Realtor/science writer/self-proclaimed “house geek” Hannah Holmes on insulating attics, Colonial renovation strategies, and more
Illustrations by Christine Mitchell Adams
It seems that attached garages are relatively rare in Maine, at least where we’re looking or perhaps in our price range. Are there tax or home insurance implications related to having a garage, attached or not, in Maine?
JANE HARVEY, CHELMSFORD, MASSACHUSETTS
This is only partially relevant, but it’s totally interesting: There was a fashion in New England during the 1800s to hook the ox team to your scattered barns and sheds and drag them into a line. People rearranged buildings on a whim back then, so that wasn’t novel. The trendy part was connecting them so that, according to some theories, you could do your chores without going outdoors in winter. The flaw in this scheme was that if one of your buildings caught fire, all your buildings would probably burn down together. The fashion passed.
Is this danger reflected in Maine’s shunning of the attached garage? Jeff Lee, sales director at the Amy Alward Allstate agency in South Portland, says the cost to insure an attached garage might add a couple of dollars a month to your bill: Hardly prohibitive. Two likelier explanations: Much of Maine’s housing predates the automobile. And while “carriage barns” did become “car barns,” those structures were often neglected and lost. Second, our economy has rarely encouraged frivolity, and when choosing between a garage of any sort, or a bigger house, many Mainers have prioritized people over cars.
How do you keep chipmunks from digging holes in your lawn?
LYNDA SHEEHAN, MOUNT VERNON
Wait, whose lawn?
You may as well try to stop robins from flying over your lawn, or cicadas from burrowing under it. Their ancestors have used “your” territory for thousands of years. A new fence or strip of garden edging is not likely to alter their understanding of ownership.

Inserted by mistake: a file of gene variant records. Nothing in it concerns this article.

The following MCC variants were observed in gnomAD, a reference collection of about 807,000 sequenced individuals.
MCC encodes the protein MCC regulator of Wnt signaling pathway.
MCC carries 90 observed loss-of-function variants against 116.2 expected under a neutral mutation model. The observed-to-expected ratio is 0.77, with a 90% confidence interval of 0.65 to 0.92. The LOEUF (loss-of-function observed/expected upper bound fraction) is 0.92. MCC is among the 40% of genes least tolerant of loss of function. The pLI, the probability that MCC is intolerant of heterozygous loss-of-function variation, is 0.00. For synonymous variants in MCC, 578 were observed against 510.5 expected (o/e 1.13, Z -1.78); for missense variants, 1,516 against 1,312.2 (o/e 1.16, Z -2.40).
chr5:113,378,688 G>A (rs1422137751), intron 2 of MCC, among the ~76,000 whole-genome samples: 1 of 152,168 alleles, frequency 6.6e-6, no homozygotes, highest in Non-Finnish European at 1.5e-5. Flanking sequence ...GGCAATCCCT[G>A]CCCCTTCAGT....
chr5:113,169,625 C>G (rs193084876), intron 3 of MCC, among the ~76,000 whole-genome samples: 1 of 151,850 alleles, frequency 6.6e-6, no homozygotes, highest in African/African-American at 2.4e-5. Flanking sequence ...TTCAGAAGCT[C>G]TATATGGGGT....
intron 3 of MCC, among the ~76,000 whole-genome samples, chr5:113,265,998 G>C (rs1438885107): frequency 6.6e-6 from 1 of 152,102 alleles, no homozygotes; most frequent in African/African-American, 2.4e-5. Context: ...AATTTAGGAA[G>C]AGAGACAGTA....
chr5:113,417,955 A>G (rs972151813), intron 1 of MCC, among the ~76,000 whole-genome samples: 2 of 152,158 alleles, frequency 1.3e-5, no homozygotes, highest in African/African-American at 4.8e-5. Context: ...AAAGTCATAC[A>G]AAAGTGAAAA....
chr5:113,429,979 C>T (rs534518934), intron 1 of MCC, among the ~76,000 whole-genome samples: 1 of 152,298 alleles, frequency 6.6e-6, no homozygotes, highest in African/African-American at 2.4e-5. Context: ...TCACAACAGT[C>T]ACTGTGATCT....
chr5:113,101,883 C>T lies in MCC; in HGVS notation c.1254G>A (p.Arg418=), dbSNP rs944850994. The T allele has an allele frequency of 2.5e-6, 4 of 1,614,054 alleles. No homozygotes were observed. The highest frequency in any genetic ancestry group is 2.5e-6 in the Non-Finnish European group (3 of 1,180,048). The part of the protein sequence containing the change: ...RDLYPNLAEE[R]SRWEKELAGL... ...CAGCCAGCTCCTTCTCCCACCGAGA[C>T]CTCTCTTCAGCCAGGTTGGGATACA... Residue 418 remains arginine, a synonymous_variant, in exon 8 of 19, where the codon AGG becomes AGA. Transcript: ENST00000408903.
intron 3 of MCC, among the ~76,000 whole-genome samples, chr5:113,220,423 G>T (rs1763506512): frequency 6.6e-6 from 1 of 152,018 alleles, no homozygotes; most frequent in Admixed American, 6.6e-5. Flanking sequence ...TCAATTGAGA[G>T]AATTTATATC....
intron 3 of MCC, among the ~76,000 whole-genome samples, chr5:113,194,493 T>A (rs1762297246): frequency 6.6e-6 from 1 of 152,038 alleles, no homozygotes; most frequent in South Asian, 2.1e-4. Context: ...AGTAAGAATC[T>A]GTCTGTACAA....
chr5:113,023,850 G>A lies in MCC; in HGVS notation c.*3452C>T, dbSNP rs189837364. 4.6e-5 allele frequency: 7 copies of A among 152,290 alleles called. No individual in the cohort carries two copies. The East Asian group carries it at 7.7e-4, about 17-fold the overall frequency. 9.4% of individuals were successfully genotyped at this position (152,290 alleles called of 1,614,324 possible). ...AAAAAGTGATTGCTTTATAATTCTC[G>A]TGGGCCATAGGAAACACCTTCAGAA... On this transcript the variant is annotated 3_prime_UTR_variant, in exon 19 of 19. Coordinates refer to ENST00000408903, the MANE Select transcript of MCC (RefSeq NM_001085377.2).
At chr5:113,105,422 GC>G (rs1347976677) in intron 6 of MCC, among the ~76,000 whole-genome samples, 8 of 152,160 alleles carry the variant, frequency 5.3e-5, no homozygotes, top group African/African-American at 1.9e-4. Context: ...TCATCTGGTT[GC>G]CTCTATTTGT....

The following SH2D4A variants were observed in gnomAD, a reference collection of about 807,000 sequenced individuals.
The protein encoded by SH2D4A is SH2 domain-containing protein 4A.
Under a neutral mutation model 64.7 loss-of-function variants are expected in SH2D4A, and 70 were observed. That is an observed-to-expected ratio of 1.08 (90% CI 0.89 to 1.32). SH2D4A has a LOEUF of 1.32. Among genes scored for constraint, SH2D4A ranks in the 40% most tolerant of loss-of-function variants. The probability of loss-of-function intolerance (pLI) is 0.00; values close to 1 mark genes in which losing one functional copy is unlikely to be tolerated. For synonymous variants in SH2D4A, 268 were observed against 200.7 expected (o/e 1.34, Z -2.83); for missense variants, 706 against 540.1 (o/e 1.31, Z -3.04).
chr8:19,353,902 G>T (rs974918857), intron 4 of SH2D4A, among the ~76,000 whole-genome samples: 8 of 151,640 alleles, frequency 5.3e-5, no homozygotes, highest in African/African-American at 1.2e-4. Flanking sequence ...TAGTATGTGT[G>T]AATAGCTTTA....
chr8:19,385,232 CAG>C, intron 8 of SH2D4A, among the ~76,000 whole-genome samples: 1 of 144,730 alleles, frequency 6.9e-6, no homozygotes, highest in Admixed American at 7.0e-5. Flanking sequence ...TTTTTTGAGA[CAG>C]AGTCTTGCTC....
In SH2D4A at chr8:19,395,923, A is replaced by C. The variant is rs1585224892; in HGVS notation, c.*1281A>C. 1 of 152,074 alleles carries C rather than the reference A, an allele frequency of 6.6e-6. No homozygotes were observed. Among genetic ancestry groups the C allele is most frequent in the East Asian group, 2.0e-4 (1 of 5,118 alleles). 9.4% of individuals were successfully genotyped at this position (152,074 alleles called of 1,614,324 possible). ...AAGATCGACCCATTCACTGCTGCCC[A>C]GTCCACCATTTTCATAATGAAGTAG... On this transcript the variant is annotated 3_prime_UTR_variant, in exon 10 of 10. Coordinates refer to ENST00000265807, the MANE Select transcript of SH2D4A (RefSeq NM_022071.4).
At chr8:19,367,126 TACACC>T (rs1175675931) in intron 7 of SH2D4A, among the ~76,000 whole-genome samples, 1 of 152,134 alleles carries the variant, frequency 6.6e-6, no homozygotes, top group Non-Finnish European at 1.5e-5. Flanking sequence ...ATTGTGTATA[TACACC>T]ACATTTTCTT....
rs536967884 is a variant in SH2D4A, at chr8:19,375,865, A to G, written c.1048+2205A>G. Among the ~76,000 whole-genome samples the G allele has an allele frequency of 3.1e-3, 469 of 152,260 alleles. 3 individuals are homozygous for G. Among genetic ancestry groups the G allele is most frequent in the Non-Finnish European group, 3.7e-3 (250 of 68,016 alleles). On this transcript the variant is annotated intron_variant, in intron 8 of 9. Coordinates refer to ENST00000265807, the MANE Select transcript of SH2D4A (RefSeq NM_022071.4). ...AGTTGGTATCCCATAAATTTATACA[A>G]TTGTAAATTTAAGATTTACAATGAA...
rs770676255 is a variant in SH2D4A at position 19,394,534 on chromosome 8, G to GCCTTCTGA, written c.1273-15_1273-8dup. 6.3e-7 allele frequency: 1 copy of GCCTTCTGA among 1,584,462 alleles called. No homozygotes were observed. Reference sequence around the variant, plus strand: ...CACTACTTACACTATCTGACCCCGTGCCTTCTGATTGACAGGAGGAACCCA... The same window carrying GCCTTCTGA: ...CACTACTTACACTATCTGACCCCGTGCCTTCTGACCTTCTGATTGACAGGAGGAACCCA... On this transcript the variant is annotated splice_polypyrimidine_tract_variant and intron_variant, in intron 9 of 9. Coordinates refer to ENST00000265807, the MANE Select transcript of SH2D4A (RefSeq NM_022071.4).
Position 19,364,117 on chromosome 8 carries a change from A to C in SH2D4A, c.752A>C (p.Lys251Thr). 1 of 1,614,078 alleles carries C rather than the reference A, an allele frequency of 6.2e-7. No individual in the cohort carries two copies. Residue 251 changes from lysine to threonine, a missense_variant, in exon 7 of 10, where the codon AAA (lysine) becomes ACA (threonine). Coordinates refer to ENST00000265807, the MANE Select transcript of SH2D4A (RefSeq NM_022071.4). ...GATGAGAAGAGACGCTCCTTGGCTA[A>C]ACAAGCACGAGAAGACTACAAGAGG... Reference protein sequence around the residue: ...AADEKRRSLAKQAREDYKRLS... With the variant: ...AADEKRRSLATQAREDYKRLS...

That said, my ongoing campaign to attract chipmunks to my lawn may work to your benefit. Chipmunks dig multiple tunnels because they need shelter nearby when a cat turns up. I’ve attempted to make life easier for the local chipmunks by building them rock piles to hide in. It’s possible that if you provide first-class accommodations like this, you can lure them away from your favorite parts of the territory. But consider why they leave their tunnels in the first place: They have to find food. They may be commuting to a bird feeder or a seeding tree. Each trip risks their lives.
Sure, you could try to remove these food sources, but doesn’t it work out best for everyone if you just deliver meals to the chipmunks?
What is the best natural way to battle weeds?
MARY MURPHY WOOD, OLD ORCHARD BEACH
If the definition of “weed” is a plant growing where you wish it wouldn’t, then the simplest solution is to change your mind. The “freedom lawn” movement presumes that plants know where they belong, and if we just mow periodically, they’ll sort themselves into a diverse tapestry. The resulting lawn will be drought tolerant and attractive to the little creatures that birds eat.
Weeds in the flower garden and masonry paths are another matter. An organic purist, I’ve been hand-pulling the same Japanese knotweed, garlic mustard, soapwort, and wisteria for a solid 20 years. I have not won; I can’t even say that I have made progress. My most effective strategy is to plant so densely that weeds are shaded out.
For paths, I’ve tried vinegar spray but found that the weeds fake death for a few days, and then come roaring back. It’s more satisfying to wrench them out to die definitively in the sun.
Our architect recommends we do closed-cell foam insulation to enable us to have vaulted ceilings. I’ve heard mixed things about using this method in old homes. What is your take?
ELOISE M., PORTLAND
As you try to squeeze more square footage out of an old Maine house, the attic beckons. But an old attic is a delicately balanced ecosystem. Northern attics generally have a “cool roof.” When the sun bakes a roof, you want cool, outdoor air to flow into the attic at the eaves, pushing hot attic air out through a vent. Air circulation also dries out any household moisture that rises and condenses in the attic during colder weather.
Foam insulation quickly transforms attic space, but it interrupts that healthy ventilation. Now the shingles get hot and stay hot, likely shortening their life. And if household moisture finds its way through the foam to the wood, it can get trapped there and support mold. So kitchen and bath vents become more important. (Fans that detect humidity and turn on automatically are a lovely invention.)
Attic foaming is new enough that research is scant. But in our increasingly airtight homes, it can’t hurt to install a ventilator that swaps clean, outdoor air for stale, indoor air, recapturing heat in the process. Due to the math involved in choosing the right machine, that’s a job best left to the HVAC pros.
Hannah Holmes is a real estate broker at Keller Williams Realty Greater Portland and the author of four science titles, including The Secret Life of Dust and Suburban Safari. A veteran renovator of old houses, she blogs about humans and their territorial issues at geekrealtyblog.com.